Choosing Forgiveness

“Paul, a prisoner for Christ Jesus, and Timothy our brother, To Philemon our beloved fellow worker and Apphia our sister and Archippus our fellow soldier, and the church in your house: Grace to you and peace from God our Father and the Lord Jesus Christ” (Philemon 1:1-3 ESV).

Forgiveness is about choices. It is about choosing to forgive or not choosing to forgive. It primarily involves an act of one’s will, rather than how one feels. When we choose to forgive someone, or we choose to seek forgiveness, we make a conscious choice often in spite of how we may feel.

The Book of Philemon is about reconciliation and relationships between Christians. Onesimus (which means “useful”) was a slave who belonged to a believer named Philemon living in the City of Colossae. Apparently, Onesimus had stolen from Philemon and fled the city. At some time while Paul was under arrest in Rome, Onesimus met him, was converted and became a Christian: a follower of Jesus.

Paul apparently wrote this letter at the same time as The Letter to the Colossians and gave it to Onesimus to carry back to Philemon (see Colossians 4:9). Paul appealed to Philemon to accept Onesimus back into his household, but as a brother in the Lord rather than as a slave. In Paul’s estimation, Onesimus was far more “useful” (v. 11) now that he was a Christian. Paul even promised to pay whatever debt Onesimus might owe Philemon.

Our choice to forgive is predicated upon a preceding choice God made in choosing to save us from the penalty, power and eventual presence of sin. In short, our choice to forgive others their sins is based upon the prior choice God made in forgiving us our sins. We witness these two coordinating truths first in Philemon 1-3, and secondly in Ephesians 4:31-32.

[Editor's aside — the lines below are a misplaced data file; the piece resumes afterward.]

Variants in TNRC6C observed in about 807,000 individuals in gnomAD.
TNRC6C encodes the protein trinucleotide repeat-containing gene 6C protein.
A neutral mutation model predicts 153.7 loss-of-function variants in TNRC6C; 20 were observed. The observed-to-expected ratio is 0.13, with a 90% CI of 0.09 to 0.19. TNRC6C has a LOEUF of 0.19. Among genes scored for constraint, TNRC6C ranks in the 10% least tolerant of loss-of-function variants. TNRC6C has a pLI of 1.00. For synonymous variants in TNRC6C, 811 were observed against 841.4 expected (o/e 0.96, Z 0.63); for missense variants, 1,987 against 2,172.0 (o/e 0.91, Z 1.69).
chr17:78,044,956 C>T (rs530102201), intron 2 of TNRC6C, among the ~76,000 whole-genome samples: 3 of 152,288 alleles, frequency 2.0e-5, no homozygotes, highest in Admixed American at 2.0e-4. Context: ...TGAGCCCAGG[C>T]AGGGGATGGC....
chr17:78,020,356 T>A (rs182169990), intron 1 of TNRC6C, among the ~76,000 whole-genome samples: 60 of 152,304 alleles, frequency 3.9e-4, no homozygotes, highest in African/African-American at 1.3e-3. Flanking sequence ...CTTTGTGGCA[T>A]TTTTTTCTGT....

Paul begins his letter to Philemon with the usual greeting of his day. He identifies himself as the author of the letter and includes his young protégé Timothy in the greeting.

Of all the titles to which Paul could refer, he identifies himself as a prisoner for Christ Jesus. The Epistle of Philemon is known as a prison epistle. Paul wrote it during his first imprisonment in Rome. Other so called “prison epistles” by Paul include Ephesians, Philippians and Colossians. Paul is in prison for preaching the gospel.

The recipients of this letter include Philemon, who Paul describes as our beloved fellow worker, Apphia, a sister in Christ and most likely Philemon’s wife, Archippus, probably the pastor of the church Philemon and Apphia attend, and the house church itself which meets in Philemon’s home.

God’s choice to forgive is contained in Paul’s standard salutation which is as follows: “Grace to you and peace from God our Father and the Lord Jesus Christ” (Philemon 1:1-3 ESV).

Forgiveness is based upon God’s grace. God chose to extend His unmerited favor to sinners rightly deserving of His condemnation. He chose to give them the ability to trust, commit, depend and worship the Lord Jesus Christ by the regenerating power of the Holy Spirit (John 3:1-8). God’s gracious act results in the sinner’s salvation which brings peace.

Peace is not only of God, but also with God. The tranquility of being in a right relationship with the One, True Holy God is the result of grace, not the other way around. Sinners do not make their peace with God; God makes His peace with sinners.

Grace and peace come only from God: not only the Father but also the Lord Jesus Christ. This sovereign choice by God results in forgiveness. It is the basis for the believer’s act of forgiveness. Soli deo Gloria!